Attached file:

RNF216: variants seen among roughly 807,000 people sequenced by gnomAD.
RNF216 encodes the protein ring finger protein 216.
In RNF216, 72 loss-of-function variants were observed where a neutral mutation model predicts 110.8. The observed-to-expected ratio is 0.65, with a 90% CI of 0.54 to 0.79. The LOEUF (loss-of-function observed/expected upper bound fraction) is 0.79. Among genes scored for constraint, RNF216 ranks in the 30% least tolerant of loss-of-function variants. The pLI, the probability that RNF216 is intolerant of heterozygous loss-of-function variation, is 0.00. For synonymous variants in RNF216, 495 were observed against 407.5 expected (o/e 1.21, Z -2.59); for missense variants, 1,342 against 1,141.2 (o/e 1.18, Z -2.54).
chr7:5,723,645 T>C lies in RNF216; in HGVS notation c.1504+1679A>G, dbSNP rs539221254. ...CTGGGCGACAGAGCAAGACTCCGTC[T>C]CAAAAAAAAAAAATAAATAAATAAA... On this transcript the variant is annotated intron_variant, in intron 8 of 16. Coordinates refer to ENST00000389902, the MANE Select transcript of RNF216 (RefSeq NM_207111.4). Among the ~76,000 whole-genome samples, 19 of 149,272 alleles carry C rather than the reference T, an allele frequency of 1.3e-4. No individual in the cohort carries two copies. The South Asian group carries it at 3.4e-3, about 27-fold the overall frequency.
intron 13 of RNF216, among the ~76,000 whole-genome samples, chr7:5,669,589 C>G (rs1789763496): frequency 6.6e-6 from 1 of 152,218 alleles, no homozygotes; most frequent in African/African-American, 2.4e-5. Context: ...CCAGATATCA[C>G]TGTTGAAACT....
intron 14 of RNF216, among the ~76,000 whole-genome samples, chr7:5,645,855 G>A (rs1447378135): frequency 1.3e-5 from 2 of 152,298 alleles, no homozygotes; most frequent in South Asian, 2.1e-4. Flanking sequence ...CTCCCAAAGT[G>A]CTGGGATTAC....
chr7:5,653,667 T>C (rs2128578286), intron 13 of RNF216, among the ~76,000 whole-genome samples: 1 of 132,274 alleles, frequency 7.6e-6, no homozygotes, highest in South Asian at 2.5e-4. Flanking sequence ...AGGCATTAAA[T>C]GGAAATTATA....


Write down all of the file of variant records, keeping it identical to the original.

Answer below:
RNF216: variants seen among roughly 807,000 people sequenced by gnomAD.
RNF216 encodes the protein ring finger protein 216.
In RNF216, 72 loss-of-function variants were observed where a neutral mutation model predicts 110.8. The observed-to-expected ratio is 0.65, with a 90% CI of 0.54 to 0.79. The LOEUF (loss-of-function observed/expected upper bound fraction) is 0.79. Among genes scored for constraint, RNF216 ranks in the 30% least tolerant of loss-of-function variants. The pLI, the probability that RNF216 is intolerant of heterozygous loss-of-function variation, is 0.00. For synonymous variants in RNF216, 495 were observed against 407.5 expected (o/e 1.21, Z -2.59); for missense variants, 1,342 against 1,141.2 (o/e 1.18, Z -2.54).
chr7:5,723,645 T>C lies in RNF216; in HGVS notation c.1504+1679A>G, dbSNP rs539221254. ...CTGGGCGACAGAGCAAGACTCCGTC[T>C]CAAAAAAAAAAAATAAATAAATAAA... On this transcript the variant is annotated intron_variant, in intron 8 of 16. Coordinates refer to ENST00000389902, the MANE Select transcript of RNF216 (RefSeq NM_207111.4). Among the ~76,000 whole-genome samples, 19 of 149,272 alleles carry C rather than the reference T, an allele frequency of 1.3e-4. No individual in the cohort carries two copies. The South Asian group carries it at 3.4e-3, about 27-fold the overall frequency.
intron 13 of RNF216, among the ~76,000 whole-genome samples, chr7:5,669,589 C>G (rs1789763496): frequency 6.6e-6 from 1 of 152,218 alleles, no homozygotes; most frequent in African/African-American, 2.4e-5. Context: ...CCAGATATCA[C>G]TGTTGAAACT....
intron 14 of RNF216, among the ~76,000 whole-genome samples, chr7:5,645,855 G>A (rs1447378135): frequency 1.3e-5 from 2 of 152,298 alleles, no homozygotes; most frequent in South Asian, 2.1e-4. Flanking sequence ...CTCCCAAAGT[G>A]CTGGGATTAC....
chr7:5,653,667 T>C (rs2128578286), intron 13 of RNF216, among the ~76,000 whole-genome samples: 1 of 132,274 alleles, frequency 7.6e-6, no homozygotes, highest in South Asian at 2.5e-4. Flanking sequence ...AGGCATTAAA[T>C]GGAAATTATA....